Are the Markets Cursing Apple Again?

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Apple (NASDAQ:AAPL) dipped below the $500 threshold on Tuesday in another depressing day for the iPhone maker’s troubled stock while once again putting a drag on the broader markets. Stocks ended almost level after some of the Apple losses were offset by retail companies rising on encouraging economic indicators.

Apple closed the day at $485.92, losing more than three percent for the second straight day. It dropped 3.15 percent, or $15.83, on Tuesday after having fallen 3.6 percent on Monday on reports that it was seeing lower-than-expected iPhone demand. Shares are now at their lowest level since February and down more than 30 percent since reaching a record closing high of $702.10 in mid-September. [Graph: Apple vs. Nasdaq and the Dow since September]

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But while several bulls have tried to calm fears by insisting Apple’s lowered iPhone component orders — stated as the primary proof of falling device demand — were a consequence of improved yields and hence better margins, investors have had other ideas. To make things worse on Tuesday, Nomura Equity Research analyst Stuart Jeffrey cut his December quarter iPhone sales estimates to 48 million from 50 million and lowered his revenue forecast for Apple to $53 million from $54.2 million.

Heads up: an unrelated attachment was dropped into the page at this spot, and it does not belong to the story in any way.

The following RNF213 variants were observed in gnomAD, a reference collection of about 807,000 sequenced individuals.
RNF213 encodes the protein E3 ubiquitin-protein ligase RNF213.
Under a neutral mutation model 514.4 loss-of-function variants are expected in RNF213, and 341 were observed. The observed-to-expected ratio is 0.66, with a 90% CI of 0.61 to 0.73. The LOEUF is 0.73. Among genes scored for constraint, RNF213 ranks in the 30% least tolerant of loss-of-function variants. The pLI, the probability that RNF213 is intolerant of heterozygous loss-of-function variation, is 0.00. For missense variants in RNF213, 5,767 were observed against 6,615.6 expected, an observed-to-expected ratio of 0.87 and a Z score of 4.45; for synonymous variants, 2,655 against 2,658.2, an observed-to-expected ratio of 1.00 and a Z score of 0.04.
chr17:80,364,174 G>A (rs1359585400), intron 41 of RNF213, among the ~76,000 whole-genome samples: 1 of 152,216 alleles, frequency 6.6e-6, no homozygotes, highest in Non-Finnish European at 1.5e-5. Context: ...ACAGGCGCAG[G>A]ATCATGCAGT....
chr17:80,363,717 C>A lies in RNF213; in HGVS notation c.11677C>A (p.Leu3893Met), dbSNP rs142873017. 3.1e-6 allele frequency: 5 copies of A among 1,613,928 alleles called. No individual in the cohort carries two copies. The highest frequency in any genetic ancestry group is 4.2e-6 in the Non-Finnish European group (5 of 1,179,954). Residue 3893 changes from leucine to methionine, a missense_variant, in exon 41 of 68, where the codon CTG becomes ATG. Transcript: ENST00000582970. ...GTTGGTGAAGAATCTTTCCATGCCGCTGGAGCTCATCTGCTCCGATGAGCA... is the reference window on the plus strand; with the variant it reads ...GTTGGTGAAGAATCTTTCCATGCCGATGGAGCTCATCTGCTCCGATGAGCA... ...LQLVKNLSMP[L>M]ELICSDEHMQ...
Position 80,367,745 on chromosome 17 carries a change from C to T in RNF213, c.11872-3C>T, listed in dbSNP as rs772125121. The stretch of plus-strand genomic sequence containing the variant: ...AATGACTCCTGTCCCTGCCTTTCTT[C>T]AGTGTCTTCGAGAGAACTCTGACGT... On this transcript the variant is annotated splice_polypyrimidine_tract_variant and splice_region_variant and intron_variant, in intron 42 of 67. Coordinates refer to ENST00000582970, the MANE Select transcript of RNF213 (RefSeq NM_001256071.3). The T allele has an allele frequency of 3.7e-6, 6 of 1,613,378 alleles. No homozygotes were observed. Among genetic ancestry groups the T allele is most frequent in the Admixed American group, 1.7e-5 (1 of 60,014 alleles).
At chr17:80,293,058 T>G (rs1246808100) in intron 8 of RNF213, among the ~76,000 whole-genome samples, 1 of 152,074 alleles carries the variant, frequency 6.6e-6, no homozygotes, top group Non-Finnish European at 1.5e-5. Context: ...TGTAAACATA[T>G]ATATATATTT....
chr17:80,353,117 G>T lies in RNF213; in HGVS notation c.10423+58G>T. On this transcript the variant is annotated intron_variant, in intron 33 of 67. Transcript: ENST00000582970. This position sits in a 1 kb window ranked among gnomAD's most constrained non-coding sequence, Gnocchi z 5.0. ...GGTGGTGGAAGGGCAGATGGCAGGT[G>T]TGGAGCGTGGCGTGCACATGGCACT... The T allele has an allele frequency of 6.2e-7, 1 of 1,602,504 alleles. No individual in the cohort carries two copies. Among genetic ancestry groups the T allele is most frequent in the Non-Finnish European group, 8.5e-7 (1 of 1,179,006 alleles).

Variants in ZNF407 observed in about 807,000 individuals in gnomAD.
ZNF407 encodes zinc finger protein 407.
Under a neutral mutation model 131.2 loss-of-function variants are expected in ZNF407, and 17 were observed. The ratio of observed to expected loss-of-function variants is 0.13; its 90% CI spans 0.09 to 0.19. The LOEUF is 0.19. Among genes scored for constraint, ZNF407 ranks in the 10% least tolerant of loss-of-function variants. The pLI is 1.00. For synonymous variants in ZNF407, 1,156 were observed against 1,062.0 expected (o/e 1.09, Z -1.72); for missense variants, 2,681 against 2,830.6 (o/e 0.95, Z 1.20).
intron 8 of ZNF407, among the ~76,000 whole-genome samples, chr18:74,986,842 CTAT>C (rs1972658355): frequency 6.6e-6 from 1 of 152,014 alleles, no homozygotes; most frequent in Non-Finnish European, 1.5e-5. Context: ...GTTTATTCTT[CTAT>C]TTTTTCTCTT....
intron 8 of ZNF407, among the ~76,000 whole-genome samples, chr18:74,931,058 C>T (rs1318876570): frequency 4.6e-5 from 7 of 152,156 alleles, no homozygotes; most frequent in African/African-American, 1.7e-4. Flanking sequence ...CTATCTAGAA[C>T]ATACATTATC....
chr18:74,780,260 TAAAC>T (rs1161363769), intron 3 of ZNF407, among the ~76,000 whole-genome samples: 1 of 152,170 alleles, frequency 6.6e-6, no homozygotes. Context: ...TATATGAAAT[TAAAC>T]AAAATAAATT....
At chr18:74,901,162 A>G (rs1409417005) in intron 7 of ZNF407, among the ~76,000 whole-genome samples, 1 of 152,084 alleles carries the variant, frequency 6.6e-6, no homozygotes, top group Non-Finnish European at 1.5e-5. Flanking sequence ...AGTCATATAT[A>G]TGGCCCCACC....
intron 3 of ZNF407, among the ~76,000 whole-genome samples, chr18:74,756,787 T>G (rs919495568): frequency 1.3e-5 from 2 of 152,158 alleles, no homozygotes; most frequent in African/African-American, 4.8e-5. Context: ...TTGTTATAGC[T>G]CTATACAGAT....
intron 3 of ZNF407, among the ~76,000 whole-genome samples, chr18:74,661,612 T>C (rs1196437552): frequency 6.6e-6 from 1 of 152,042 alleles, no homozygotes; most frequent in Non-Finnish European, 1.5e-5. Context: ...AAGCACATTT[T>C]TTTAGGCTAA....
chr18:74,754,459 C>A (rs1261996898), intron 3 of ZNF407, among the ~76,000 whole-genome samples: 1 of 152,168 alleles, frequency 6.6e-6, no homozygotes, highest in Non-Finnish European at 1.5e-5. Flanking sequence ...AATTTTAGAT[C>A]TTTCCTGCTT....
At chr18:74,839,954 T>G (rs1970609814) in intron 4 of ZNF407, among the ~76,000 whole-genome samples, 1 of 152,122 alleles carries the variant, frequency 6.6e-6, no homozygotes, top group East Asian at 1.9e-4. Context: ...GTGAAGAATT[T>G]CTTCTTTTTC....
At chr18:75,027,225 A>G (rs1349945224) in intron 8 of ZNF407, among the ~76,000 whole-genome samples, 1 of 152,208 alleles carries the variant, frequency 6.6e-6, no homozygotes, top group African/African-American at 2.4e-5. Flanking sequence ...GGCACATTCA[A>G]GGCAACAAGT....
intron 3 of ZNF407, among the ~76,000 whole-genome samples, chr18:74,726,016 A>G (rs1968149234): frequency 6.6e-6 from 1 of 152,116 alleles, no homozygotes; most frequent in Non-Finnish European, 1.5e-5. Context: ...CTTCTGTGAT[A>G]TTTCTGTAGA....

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However, after a report said national retail sales grew more than expected in December, stocks in that sector turned positive and put a halt on broader market losses. Target (NYSE:TGT) added 1.16 percent to close at $61.09, American Eagle Outfitters (NYSE:AEO) gained 4.79 percent to $20.58, and Gap (NYSE:GPS) rose 3.41 percent to $32.46.

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